The Outbuildings at Griff House
Progress Towards a George Eliot Visitor Centre
A progress report on the attempt to save an outbuilding at Griff House and convert it to a George Eliot Visitor Centre
We had known of the poor state of some of the outbuildings at Griff House, George Eliot's childhood home, for a long time. One only had to look at them to see the dreadful state they were in. However, matters came to a head last year, early 2012, when Whitbread, who own the building and run it as a Beefeater Restaurant and Premier Inn Hotel, put in a planning application to the local authority for permission to demolish the derelict outbuilding.
Alarm bells started ringing and the Fellowship rallied support from some of our academic members and from local civic amenity societies in the Nuneaton and Bedworth area. The first task was to lodge enough objections to ensure that the decision would be made by the full planning committee rather than by a single officer. That was successfully achieved and we prepared our three minute speech to the Planning Committee. It is surprising how long it takes when you only have three minutes! In the background there was more support from Eliot scholars who wrote to Whitbread to explain how important Griff House is in the story of George Eliot. Kathryn Hughes wrote a Comment piece for the Guardian and Rebecca Mead had a front page story on the New Yorker blog.
For a number of reasons, the decision was deferred but eventually we presented our case - that had the building been, for instance, in Stratford with a clear link to Shakespeare then it would have been saved; so why not do the same for the great 19th century writer. We proposed a deferred decision to give the Committee a chance for a site visit, which also gave us more time to mount our defence.This was agreed and there seemed to be a clear preference by the Committee to listen to our objections, though the Conservation Officer for the local authority had recommended demolition (yes, read that again!) We argued that the building would have been there in Mary Anne's time, she would have known it, and that it appears in the first biography by J W Cross as an engraving which calls the group of buildings the farm offices.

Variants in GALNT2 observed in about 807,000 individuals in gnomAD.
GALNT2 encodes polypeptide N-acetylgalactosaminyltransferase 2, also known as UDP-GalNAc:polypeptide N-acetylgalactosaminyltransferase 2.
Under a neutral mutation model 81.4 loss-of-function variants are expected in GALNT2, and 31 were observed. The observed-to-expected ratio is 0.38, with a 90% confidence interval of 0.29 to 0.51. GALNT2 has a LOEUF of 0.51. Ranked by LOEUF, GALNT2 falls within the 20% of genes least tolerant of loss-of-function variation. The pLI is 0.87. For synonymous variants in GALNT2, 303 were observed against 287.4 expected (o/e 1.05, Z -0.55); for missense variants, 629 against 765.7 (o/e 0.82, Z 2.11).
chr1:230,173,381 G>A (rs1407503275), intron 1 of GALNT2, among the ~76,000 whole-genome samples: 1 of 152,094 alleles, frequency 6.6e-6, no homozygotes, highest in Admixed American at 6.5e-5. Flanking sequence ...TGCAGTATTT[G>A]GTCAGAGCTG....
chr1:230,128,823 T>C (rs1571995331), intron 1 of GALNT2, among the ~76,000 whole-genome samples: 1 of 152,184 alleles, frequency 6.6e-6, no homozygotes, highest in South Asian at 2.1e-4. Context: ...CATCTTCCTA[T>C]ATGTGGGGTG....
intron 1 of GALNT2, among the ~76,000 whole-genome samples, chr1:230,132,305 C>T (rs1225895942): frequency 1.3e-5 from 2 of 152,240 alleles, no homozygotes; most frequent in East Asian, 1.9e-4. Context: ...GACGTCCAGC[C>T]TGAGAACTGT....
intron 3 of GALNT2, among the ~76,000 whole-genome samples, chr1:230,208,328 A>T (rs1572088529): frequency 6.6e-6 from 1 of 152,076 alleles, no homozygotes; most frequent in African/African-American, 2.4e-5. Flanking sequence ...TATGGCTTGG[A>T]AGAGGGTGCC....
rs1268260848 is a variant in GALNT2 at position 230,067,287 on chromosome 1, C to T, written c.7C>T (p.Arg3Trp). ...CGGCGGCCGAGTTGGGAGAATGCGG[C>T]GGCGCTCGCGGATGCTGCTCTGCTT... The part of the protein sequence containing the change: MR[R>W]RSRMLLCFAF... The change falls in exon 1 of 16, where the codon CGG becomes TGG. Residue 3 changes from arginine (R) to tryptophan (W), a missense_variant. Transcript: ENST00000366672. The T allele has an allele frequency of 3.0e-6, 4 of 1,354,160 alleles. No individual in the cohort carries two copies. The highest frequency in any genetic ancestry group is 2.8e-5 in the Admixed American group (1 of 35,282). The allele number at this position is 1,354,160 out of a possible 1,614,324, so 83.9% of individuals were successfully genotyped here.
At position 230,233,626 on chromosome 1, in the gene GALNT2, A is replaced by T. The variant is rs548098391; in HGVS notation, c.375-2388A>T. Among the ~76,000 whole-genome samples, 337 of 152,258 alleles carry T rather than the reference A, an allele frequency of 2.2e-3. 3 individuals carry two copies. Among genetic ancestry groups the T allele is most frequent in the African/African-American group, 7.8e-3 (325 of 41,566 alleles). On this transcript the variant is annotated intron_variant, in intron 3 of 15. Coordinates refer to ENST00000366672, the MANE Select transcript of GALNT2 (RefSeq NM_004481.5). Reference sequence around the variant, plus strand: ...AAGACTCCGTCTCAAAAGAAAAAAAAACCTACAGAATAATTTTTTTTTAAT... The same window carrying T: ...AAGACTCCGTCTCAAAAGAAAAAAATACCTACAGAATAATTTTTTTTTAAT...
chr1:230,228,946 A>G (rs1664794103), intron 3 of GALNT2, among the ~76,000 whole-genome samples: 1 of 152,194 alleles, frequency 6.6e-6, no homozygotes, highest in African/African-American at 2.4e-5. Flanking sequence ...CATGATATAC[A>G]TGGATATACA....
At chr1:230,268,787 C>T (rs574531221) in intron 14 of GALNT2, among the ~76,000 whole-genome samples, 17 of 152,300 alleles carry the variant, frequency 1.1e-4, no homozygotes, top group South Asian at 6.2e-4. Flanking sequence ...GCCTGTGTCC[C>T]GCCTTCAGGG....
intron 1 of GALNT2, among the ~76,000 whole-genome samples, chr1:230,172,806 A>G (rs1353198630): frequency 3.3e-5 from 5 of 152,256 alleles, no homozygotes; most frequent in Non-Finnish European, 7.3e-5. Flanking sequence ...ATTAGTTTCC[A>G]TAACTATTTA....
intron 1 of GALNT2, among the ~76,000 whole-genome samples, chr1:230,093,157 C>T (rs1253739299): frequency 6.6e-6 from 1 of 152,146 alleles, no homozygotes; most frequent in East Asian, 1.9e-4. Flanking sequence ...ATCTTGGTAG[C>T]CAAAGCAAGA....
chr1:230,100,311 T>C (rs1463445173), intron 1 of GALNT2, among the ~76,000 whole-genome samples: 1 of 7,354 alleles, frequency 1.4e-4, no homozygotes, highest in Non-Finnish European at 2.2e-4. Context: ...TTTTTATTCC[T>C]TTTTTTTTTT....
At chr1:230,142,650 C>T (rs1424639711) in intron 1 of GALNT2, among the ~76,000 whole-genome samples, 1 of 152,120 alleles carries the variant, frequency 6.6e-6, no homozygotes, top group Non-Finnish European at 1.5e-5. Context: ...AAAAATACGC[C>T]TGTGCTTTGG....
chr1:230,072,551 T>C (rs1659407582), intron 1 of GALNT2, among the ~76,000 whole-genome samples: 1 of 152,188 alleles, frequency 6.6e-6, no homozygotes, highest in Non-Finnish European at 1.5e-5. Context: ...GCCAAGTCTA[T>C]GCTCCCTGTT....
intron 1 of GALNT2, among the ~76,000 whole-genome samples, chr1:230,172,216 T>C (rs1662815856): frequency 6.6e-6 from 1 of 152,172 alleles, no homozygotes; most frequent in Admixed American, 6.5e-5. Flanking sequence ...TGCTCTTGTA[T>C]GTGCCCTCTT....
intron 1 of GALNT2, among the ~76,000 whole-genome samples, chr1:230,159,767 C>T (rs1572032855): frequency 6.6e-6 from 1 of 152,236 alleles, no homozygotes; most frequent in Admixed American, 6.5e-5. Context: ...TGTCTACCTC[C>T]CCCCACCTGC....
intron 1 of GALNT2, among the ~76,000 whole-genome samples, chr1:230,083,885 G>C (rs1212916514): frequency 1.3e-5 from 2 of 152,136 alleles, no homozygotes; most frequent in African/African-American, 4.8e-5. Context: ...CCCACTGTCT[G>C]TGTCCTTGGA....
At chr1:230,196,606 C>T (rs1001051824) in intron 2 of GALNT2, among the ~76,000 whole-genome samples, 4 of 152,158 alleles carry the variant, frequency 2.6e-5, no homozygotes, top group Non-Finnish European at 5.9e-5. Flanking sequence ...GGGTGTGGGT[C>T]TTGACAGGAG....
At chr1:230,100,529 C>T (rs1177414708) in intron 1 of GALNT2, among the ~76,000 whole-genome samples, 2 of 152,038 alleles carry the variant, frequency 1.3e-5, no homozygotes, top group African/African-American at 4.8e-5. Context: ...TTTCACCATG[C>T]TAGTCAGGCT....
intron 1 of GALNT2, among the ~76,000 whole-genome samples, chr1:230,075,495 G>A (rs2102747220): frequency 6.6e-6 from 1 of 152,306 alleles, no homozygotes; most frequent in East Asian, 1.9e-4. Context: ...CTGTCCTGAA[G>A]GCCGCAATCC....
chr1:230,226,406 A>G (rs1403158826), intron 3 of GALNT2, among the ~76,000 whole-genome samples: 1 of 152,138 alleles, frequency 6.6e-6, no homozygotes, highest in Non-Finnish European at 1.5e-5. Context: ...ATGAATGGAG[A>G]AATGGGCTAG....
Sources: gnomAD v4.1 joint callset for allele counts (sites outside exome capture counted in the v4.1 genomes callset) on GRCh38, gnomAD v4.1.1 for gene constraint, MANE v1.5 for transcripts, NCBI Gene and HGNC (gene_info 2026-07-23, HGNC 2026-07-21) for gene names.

Eventually, in the autumn of last year the planning committee met to make their decision, which was to refuse permission for demolition. Meanwhile, English Heritage had refused to add it the main Listing of Griff House, despite new advice to regional panels by English Heritage to take particular care of vernacular pre -1840 agricultural buildings, which this clearly was. We appealed to DCMS and they also turned down our appeal.
The future looked bleak. The building is in a terrible state but Whitbread could not pull it down. Leave it long enough and it will fall down. At this point we were invited to a meeting with Whitbread in early December 2012, where Whitbread seem to have had a complete volte-face. They have offered to help us to convert the outbuilding into a George Eliot Visitor Centre and will pay £85,000 towards it. All the details of that, and of how much else we might need to raise are still for discussion, but we have made some progress.
We have a committee, chaired by our own Fellowship vice-chair Vivienne Wood, with representatives from the two local civic amenity societies, an author and a Borough Councillor. We have an architect who has now completed a full survey of the building and drawn up ideas which we have discussed and will be discussing with Whitbread and the Planners shortly.
Essentially what Keith Corrigan, our architect, is suggesting is that we pull the building down, and rebuild, possibly with a wooden frame, so that the frontage looks like the original, using the original bricks, but raise the roof slightly to allow a staircase to reach the first floor of the 'stable' end, and extend the building back to link to the other existing outbuilding on the same site, thus adding about a third to the potential space for our Visitor Centre.
When complete we would thus have a first floor area to store the Fellowship archive, much of which is at present in Kathleen and Bill Adams's spare bedroom, and exhibition area which will concentrate on the agriculture interest in some of George Eliot's novels and a multi-functional meeting space for workshops, meetings and seminars, along with a small sales area.
The building is behind the wall on the left of the old postcard. On the colour picture it is shown from the attic of Griff. The building with the chimney is not in our plan, but we hope to include the space behind our building in an enlarged building. One of the pictures below shows that passageway. The other show the poor state of repair, indeed the near collapse of the building.
The passageway above would give us more space if incorporated into the rebuild. The other pictures show how close to collapsthe building is, after several decades of neglect.
We will keep members informed through their Newsletters of the progress of the plans, and we will add more details as they emerge on to this News item on the website. In future we may need to appeal for money, artefacts, volunteers and guides but we do think it will be an opportunity to put George Eliot a bit more firmly on the map.
Published on 04 August 2013